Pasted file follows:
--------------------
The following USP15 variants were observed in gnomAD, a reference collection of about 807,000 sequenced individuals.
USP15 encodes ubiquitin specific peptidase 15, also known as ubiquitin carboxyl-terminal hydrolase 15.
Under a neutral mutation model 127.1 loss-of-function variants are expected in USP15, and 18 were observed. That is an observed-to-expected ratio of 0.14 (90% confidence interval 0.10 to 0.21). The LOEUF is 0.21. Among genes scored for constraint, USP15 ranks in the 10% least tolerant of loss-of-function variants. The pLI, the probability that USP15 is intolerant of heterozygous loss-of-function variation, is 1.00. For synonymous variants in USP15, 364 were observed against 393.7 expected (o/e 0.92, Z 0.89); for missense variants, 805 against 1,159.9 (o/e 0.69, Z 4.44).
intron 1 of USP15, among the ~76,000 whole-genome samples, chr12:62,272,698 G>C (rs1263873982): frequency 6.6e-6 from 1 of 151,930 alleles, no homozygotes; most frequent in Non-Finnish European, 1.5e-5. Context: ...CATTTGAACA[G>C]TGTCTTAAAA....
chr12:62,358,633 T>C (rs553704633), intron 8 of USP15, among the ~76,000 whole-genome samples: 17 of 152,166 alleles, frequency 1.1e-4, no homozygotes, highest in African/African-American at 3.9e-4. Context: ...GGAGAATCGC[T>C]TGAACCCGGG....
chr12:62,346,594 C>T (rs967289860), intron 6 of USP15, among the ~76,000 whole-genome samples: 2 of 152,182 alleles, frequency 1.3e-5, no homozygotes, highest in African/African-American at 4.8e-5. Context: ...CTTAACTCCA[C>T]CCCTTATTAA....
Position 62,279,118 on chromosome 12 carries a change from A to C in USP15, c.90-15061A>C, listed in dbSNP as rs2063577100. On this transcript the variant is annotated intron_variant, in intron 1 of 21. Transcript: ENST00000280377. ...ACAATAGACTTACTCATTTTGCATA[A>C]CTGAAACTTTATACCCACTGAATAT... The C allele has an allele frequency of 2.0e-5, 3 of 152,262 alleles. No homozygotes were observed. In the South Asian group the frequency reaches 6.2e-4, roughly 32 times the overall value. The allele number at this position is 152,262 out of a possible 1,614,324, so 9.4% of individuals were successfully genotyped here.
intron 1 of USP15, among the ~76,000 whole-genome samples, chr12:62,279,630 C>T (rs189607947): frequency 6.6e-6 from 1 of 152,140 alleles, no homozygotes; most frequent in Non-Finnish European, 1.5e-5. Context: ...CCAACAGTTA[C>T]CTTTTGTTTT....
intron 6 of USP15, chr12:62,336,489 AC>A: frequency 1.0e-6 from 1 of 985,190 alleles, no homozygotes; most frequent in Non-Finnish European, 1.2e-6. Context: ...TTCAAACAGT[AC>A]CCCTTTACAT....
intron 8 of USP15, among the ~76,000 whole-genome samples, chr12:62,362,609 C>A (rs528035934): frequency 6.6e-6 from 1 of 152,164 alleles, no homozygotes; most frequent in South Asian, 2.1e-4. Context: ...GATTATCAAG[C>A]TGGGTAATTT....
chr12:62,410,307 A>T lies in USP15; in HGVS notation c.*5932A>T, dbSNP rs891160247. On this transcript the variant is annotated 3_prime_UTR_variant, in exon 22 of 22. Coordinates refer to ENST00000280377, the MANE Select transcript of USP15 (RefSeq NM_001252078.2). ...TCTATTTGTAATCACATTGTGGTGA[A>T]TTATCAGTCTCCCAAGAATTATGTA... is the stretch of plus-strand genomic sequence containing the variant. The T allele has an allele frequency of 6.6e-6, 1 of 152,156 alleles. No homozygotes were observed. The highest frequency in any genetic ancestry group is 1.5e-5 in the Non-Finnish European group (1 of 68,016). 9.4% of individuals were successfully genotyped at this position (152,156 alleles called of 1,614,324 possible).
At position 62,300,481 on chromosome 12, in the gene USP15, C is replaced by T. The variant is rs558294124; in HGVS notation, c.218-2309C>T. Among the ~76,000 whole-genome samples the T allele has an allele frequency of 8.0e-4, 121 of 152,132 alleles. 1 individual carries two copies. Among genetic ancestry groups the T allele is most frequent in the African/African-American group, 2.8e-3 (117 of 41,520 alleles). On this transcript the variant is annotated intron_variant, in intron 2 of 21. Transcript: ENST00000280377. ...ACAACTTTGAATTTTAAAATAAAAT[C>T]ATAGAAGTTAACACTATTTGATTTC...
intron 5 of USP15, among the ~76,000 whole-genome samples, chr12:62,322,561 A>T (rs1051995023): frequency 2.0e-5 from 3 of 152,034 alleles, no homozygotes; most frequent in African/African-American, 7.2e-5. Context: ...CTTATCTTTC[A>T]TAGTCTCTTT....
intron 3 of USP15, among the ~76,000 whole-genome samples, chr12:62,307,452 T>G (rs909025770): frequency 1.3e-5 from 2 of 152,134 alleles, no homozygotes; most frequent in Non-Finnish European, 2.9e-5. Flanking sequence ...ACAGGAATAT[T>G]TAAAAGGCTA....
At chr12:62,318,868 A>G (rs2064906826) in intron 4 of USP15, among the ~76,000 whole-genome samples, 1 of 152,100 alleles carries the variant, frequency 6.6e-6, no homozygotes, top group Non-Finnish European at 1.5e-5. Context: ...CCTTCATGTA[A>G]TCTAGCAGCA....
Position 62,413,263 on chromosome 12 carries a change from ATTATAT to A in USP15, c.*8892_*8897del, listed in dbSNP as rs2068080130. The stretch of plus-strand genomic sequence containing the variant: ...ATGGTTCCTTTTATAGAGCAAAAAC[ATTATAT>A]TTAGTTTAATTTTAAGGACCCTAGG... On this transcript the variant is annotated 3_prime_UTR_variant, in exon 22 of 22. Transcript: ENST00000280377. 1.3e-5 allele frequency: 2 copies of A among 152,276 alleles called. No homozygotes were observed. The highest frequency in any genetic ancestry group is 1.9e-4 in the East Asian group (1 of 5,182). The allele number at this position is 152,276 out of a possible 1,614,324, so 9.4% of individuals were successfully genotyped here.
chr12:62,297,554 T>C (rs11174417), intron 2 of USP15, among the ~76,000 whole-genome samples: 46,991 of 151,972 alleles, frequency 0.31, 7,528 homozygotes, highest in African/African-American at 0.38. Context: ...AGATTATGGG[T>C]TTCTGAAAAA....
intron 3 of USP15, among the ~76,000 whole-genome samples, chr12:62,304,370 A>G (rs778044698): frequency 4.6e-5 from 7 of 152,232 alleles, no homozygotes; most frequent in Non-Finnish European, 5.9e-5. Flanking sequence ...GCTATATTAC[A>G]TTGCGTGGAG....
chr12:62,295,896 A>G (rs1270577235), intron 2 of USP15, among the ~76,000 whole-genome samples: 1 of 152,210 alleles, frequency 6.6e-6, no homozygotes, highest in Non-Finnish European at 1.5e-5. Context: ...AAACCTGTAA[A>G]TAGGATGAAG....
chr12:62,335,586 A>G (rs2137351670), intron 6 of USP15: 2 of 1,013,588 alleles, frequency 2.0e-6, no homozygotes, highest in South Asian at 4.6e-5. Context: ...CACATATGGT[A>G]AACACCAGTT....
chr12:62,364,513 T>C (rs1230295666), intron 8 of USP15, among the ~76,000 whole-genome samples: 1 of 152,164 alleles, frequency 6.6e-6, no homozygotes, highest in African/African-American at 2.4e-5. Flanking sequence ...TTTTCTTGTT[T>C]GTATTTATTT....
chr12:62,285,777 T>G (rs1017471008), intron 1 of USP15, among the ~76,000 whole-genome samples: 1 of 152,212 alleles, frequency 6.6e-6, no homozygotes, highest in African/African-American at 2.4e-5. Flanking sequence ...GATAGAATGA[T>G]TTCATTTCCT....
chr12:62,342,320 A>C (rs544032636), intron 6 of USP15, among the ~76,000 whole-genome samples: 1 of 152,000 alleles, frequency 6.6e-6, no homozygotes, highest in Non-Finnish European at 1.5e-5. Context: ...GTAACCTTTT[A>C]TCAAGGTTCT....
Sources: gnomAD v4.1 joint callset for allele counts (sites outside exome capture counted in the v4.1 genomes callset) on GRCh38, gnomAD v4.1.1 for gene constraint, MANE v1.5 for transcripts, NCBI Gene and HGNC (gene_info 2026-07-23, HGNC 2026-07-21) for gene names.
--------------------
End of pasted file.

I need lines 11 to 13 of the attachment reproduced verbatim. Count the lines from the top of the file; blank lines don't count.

chr12:62,410,307 A>T lies in USP15; in HGVS notation c.*5932A>T, dbSNP rs891160247. On this transcript the variant is annotated 3_prime_UTR_variant, in exon 22 of 22. Coordinates refer to ENST00000280377, the MANE Select transcript of USP15 (RefSeq NM_001252078.2). ...TCTATTTGTAATCACATTGTGGTGA[A>T]TTATCAGTCTCCCAAGAATTATGTA... is the stretch of plus-strand genomic sequence containing the variant. The T allele has an allele frequency of 6.6e-6, 1 of 152,156 alleles. No homozygotes were observed. The highest frequency in any genetic ancestry group is 1.5e-5 in the Non-Finnish European group (1 of 68,016). 9.4% of individuals were successfully genotyped at this position (152,156 alleles called of 1,614,324 possible).
At position 62,300,481 on chromosome 12, in the gene USP15, C is replaced by T. The variant is rs558294124; in HGVS notation, c.218-2309C>T. Among the ~76,000 whole-genome samples the T allele has an allele frequency of 8.0e-4, 121 of 152,132 alleles. 1 individual carries two copies. Among genetic ancestry groups the T allele is most frequent in the African/African-American group, 2.8e-3 (117 of 41,520 alleles). On this transcript the variant is annotated intron_variant, in intron 2 of 21. Transcript: ENST00000280377. ...ACAACTTTGAATTTTAAAATAAAAT[C>T]ATAGAAGTTAACACTATTTGATTTC...
intron 5 of USP15, among the ~76,000 whole-genome samples, chr12:62,322,561 A>T (rs1051995023): frequency 2.0e-5 from 3 of 152,034 alleles, no homozygotes; most frequent in African/African-American, 7.2e-5. Context: ...CTTATCTTTC[A>T]TAGTCTCTTT....